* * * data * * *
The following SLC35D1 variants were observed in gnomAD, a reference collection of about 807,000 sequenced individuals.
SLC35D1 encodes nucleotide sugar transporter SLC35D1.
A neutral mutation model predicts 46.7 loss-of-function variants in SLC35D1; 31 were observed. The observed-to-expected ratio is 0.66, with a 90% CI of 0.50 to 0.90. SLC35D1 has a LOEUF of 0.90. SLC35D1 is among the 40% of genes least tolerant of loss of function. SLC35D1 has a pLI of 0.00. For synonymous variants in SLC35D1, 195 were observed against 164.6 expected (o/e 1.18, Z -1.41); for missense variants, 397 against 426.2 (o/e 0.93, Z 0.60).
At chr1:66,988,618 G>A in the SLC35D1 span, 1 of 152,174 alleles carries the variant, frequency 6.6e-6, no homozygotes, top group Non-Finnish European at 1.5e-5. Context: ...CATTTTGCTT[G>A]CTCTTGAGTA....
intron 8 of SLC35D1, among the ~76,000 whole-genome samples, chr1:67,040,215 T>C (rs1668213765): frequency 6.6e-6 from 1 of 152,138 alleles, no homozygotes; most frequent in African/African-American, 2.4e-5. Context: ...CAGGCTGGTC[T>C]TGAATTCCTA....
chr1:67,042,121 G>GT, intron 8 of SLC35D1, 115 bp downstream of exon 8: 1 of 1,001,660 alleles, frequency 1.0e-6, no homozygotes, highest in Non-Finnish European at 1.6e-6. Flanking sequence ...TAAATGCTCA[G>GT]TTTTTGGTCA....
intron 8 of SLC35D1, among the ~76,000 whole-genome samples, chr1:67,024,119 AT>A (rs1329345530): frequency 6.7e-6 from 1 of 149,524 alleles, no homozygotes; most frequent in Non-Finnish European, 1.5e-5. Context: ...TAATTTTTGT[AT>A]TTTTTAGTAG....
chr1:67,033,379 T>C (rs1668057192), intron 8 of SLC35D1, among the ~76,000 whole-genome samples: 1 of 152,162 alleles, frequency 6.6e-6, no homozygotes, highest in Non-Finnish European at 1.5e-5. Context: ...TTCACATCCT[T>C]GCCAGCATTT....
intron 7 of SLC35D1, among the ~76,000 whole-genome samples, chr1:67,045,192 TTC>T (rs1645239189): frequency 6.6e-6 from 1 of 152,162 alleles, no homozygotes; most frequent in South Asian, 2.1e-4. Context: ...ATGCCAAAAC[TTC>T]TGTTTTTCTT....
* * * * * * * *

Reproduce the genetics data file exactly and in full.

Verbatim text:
The following SLC35D1 variants were observed in gnomAD, a reference collection of about 807,000 sequenced individuals.
SLC35D1 encodes nucleotide sugar transporter SLC35D1.
A neutral mutation model predicts 46.7 loss-of-function variants in SLC35D1; 31 were observed. The observed-to-expected ratio is 0.66, with a 90% CI of 0.50 to 0.90. SLC35D1 has a LOEUF of 0.90. SLC35D1 is among the 40% of genes least tolerant of loss of function. SLC35D1 has a pLI of 0.00. For synonymous variants in SLC35D1, 195 were observed against 164.6 expected (o/e 1.18, Z -1.41); for missense variants, 397 against 426.2 (o/e 0.93, Z 0.60).
At chr1:66,988,618 G>A in the SLC35D1 span, 1 of 152,174 alleles carries the variant, frequency 6.6e-6, no homozygotes, top group Non-Finnish European at 1.5e-5. Context: ...CATTTTGCTT[G>A]CTCTTGAGTA....
intron 8 of SLC35D1, among the ~76,000 whole-genome samples, chr1:67,040,215 T>C (rs1668213765): frequency 6.6e-6 from 1 of 152,138 alleles, no homozygotes; most frequent in African/African-American, 2.4e-5. Context: ...CAGGCTGGTC[T>C]TGAATTCCTA....
chr1:67,042,121 G>GT, intron 8 of SLC35D1, 115 bp downstream of exon 8: 1 of 1,001,660 alleles, frequency 1.0e-6, no homozygotes, highest in Non-Finnish European at 1.6e-6. Flanking sequence ...TAAATGCTCA[G>GT]TTTTTGGTCA....
intron 8 of SLC35D1, among the ~76,000 whole-genome samples, chr1:67,024,119 AT>A (rs1329345530): frequency 6.7e-6 from 1 of 149,524 alleles, no homozygotes; most frequent in Non-Finnish European, 1.5e-5. Context: ...TAATTTTTGT[AT>A]TTTTTAGTAG....
chr1:67,033,379 T>C (rs1668057192), intron 8 of SLC35D1, among the ~76,000 whole-genome samples: 1 of 152,162 alleles, frequency 6.6e-6, no homozygotes, highest in Non-Finnish European at 1.5e-5. Context: ...TTCACATCCT[T>C]GCCAGCATTT....
intron 7 of SLC35D1, among the ~76,000 whole-genome samples, chr1:67,045,192 TTC>T (rs1645239189): frequency 6.6e-6 from 1 of 152,162 alleles, no homozygotes; most frequent in South Asian, 2.1e-4. Context: ...ATGCCAAAAC[TTC>T]TGTTTTTCTT....